Posts Tagged ‘New Year’


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new year greetings

Best wishes for the New Year, and a new decade.

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colors of life

To all fellow-bloggers, followers, readers and everyone:

Yellow for sunshine

Blue for clear skies

Crystal for clarity of the heart.

Wishing you all the colors that you desire

in the New Year.

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The Hong Kong Orchid in full boom. And  along the way, it also took on fascinating shapes.

Spending time in the garden has taught me a lot of things.

Not just about plants and soil, but also other things, such as developing patience. Being patient, while waiting for a seed to sprout, or for a new plant to show buds of color and beauty. Being patient while the plants shuts down for winter, or shed its leaves, looking bare and undecorative.

I also learn that some plants may not root, and also sometimes, you can’t give up on a wilting plant, and that it can be nurtured back to health.

But walking in my garden in late summer, I was reminded of a life lesson I had been guilty of forgetting: that in my focus to reach my destination, I sometimes forget to really enjoy the journey or the stops along the way.

It took several walks in the morning or early evening for me to notice the flowers in various stages of bloom. It was as though I had never really paid attention to this before.

The Hong Kong Orchid, in its first few stages of blooms, astounded me with a geometrical-like shape. The baby plumeria spiraled outward with verve, reminding me of a top.

The flowers “talked” to me. And so I have to thank my garden for leading me back to this awareness. Thus, this year, I will remind myself that on the way to my goal or to whatever else I desire, I will be mindful to enjoy the journey, and not just the destination.

flowers and life lesson

The bud took on a crisp, geometric angle as the petals unfold.

journey of flowers

The plumeria in full bloom.

journey of flowers

I was fascinated by the way the baby plumeria spiraled outwards.

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new year insightOne can be a lonely number on New Year’s Eve. So that was what I thought, until last New Year’s Eve.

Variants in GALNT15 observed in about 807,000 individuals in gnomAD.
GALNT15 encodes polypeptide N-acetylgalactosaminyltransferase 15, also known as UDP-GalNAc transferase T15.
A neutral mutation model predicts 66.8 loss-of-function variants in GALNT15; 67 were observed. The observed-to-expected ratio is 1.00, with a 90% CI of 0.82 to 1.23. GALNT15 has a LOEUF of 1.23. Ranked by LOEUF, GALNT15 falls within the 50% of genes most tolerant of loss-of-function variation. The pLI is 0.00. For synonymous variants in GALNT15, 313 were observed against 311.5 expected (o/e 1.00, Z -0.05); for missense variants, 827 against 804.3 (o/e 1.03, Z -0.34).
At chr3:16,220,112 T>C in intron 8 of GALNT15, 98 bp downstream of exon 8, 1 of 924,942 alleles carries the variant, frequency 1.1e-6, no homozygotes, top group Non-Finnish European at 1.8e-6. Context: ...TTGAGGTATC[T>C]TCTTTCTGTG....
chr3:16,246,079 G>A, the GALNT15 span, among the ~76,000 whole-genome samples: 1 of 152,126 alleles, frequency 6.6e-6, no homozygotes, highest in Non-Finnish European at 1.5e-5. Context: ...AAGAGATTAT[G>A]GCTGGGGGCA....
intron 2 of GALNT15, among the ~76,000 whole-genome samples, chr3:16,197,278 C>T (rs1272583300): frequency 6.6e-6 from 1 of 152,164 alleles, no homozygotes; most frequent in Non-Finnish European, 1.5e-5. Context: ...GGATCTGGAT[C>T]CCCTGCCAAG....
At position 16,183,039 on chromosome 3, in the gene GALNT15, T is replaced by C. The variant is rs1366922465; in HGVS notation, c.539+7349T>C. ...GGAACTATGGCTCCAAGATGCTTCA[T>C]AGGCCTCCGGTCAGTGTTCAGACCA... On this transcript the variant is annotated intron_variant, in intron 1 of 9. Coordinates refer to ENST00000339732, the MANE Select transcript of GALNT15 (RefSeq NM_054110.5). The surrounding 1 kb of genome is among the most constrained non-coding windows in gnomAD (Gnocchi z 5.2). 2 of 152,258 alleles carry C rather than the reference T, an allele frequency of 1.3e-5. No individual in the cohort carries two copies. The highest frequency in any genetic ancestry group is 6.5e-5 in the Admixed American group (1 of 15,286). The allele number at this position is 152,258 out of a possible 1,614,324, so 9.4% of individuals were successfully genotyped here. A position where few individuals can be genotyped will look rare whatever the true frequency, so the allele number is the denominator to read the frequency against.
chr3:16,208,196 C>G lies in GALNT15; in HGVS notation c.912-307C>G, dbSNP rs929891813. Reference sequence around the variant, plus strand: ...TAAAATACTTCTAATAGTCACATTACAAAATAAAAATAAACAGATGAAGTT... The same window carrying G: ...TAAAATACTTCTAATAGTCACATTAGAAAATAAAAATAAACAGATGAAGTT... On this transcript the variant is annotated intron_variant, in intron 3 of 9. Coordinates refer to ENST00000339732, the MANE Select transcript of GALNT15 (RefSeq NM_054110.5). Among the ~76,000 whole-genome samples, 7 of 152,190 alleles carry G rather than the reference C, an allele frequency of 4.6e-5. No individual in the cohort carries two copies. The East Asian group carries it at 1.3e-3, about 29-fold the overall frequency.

The year had brought its share of changes and transitions for us. So on New Year’s Eve, we were just happy to be “still standing” and to relax in the mellow mood that often prevails on the last days of the year.

Living in a new city, we did not have any special plan. So we decided to have a late dinner at a chain diner where we like the shrimp alfredo noodles.

I looked around me in the restaurant, and saw the different configurations of diners who did not want to cook, or who wanted to go out on New Year’s Eve.

There were several middle-aged couples, a group of friends in their 20s, and a woman with her young son.

There were also two lone diners. One was a woman who seemed to be concentrating on her food, or lost in her own thoughts.

The other was a man who looked like he was really enjoying his dinner. At times, there was a hint of a smile on his face. His body language told me that he was eavesdropping on conversations, and found something amusing. I know this because this is something I myself often do in restaurants and coffee shops!

He also had a type of jelly dessert and coffee before he left the restaurant.

Instead of feeling sorry for themselves, these two diners decided to go ahead and do what they felt like doing, despite how they might be seen or perceived by others, on a night associated with social popularity and social excitement in our popular culture.

That night, in the warm glow of the restaurant where people with different individual stories awaited the new year, these two diners illuminated this thought for me: that our attitude ( how we see life and how we take life head on ) begins first with each of us. To quote Dr Phil: “The most important relationship you have is the one you have with yourself.”

I think that it’s only when we begin to celebrate and support our own selves, then we can honor and share that same attitude with others.

I have a feeling that if I were to go back to that same restaurant this New Year’s Eve, I would probably not see these two diners again.

But on a night that started off as a quiet New Year’s Eve dinner, they imparted to me a life lesson that left a profound mark.

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